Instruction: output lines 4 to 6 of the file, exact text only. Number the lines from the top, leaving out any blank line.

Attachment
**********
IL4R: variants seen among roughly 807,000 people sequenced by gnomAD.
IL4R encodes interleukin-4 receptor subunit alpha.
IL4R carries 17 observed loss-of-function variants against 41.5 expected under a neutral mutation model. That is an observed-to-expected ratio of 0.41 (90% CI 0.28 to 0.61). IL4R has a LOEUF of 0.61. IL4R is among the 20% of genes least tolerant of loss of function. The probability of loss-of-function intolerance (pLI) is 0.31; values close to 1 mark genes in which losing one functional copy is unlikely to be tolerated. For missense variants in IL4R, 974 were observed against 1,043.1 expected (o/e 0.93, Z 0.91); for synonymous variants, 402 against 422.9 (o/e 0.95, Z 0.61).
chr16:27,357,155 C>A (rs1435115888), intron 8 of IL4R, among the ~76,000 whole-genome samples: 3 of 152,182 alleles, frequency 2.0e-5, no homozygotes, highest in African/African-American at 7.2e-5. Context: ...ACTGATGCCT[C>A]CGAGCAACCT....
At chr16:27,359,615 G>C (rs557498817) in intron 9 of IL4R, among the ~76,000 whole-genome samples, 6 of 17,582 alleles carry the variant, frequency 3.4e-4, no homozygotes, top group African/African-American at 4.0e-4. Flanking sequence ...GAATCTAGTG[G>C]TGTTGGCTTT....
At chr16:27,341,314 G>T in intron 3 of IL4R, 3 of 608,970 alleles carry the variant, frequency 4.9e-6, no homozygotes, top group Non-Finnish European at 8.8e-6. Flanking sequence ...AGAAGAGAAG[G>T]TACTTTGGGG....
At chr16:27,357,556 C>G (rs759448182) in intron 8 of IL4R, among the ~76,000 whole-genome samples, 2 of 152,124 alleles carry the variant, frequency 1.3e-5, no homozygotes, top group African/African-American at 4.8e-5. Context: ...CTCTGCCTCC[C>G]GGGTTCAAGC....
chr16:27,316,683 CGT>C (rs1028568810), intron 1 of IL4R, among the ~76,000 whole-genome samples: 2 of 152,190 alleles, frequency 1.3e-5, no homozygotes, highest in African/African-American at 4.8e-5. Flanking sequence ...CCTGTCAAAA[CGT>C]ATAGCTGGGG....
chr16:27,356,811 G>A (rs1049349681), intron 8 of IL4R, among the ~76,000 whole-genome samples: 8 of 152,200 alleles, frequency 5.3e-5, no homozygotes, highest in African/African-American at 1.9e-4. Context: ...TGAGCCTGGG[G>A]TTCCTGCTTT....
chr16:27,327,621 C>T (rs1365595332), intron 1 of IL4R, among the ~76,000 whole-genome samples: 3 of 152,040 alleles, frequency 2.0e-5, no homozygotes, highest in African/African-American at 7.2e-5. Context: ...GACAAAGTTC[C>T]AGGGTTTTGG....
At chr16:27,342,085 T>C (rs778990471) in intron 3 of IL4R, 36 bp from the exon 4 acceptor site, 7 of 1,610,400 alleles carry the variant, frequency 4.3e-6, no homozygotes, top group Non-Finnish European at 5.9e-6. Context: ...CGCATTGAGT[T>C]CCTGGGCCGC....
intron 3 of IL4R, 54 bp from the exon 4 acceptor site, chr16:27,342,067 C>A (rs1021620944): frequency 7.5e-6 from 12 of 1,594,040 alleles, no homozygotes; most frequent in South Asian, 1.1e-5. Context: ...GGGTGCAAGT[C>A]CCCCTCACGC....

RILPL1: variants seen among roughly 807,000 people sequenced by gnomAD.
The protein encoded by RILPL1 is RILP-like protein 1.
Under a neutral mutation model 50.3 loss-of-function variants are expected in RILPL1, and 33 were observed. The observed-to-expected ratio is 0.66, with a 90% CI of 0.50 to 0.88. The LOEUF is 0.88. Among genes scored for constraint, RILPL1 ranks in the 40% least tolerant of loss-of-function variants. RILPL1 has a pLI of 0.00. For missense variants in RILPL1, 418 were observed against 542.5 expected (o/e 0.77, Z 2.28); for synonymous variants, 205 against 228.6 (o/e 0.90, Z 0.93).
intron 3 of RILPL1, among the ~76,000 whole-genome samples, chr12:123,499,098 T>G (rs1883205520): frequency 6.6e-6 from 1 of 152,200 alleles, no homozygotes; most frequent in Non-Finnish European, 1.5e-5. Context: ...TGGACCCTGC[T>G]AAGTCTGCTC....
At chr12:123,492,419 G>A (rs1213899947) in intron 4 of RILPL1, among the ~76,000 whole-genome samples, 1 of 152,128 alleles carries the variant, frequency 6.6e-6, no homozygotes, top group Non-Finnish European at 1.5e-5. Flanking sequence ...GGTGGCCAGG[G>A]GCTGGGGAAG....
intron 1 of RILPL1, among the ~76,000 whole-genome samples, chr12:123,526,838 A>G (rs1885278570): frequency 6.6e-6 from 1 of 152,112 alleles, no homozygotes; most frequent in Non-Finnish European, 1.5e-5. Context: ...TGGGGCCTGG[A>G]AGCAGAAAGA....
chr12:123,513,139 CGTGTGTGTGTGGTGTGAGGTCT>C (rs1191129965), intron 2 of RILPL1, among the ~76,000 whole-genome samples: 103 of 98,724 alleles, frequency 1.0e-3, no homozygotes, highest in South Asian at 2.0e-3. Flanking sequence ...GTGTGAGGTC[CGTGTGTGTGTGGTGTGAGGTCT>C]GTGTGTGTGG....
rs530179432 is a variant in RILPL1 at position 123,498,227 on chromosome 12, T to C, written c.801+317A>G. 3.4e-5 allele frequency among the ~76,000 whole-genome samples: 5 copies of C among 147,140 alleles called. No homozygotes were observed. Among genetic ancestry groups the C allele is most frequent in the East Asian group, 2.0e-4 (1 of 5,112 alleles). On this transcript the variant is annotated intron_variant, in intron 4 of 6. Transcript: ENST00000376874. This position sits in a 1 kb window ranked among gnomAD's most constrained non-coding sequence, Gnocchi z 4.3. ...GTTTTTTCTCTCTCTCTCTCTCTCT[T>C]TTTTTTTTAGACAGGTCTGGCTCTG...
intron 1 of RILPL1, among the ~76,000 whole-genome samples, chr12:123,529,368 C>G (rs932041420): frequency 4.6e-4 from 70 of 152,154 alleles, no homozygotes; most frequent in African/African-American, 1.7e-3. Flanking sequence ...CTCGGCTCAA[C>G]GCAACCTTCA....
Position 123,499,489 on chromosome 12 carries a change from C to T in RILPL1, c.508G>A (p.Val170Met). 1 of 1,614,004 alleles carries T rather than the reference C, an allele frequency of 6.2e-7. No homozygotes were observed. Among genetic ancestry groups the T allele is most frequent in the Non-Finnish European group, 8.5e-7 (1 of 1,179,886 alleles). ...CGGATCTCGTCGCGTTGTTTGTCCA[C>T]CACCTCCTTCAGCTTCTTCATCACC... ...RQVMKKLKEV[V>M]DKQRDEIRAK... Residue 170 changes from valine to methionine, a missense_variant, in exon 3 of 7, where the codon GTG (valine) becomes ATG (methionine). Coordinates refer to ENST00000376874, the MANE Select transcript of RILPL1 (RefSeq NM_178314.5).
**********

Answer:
chr16:27,357,155 C>A (rs1435115888), intron 8 of IL4R, among the ~76,000 whole-genome samples: 3 of 152,182 alleles, frequency 2.0e-5, no homozygotes, highest in African/African-American at 7.2e-5. Context: ...ACTGATGCCT[C>A]CGAGCAACCT....
At chr16:27,359,615 G>C (rs557498817) in intron 9 of IL4R, among the ~76,000 whole-genome samples, 6 of 17,582 alleles carry the variant, frequency 3.4e-4, no homozygotes, top group African/African-American at 4.0e-4. Flanking sequence ...GAATCTAGTG[G>C]TGTTGGCTTT....
At chr16:27,341,314 G>T in intron 3 of IL4R, 3 of 608,970 alleles carry the variant, frequency 4.9e-6, no homozygotes, top group Non-Finnish European at 8.8e-6. Flanking sequence ...AGAAGAGAAG[G>T]TACTTTGGGG....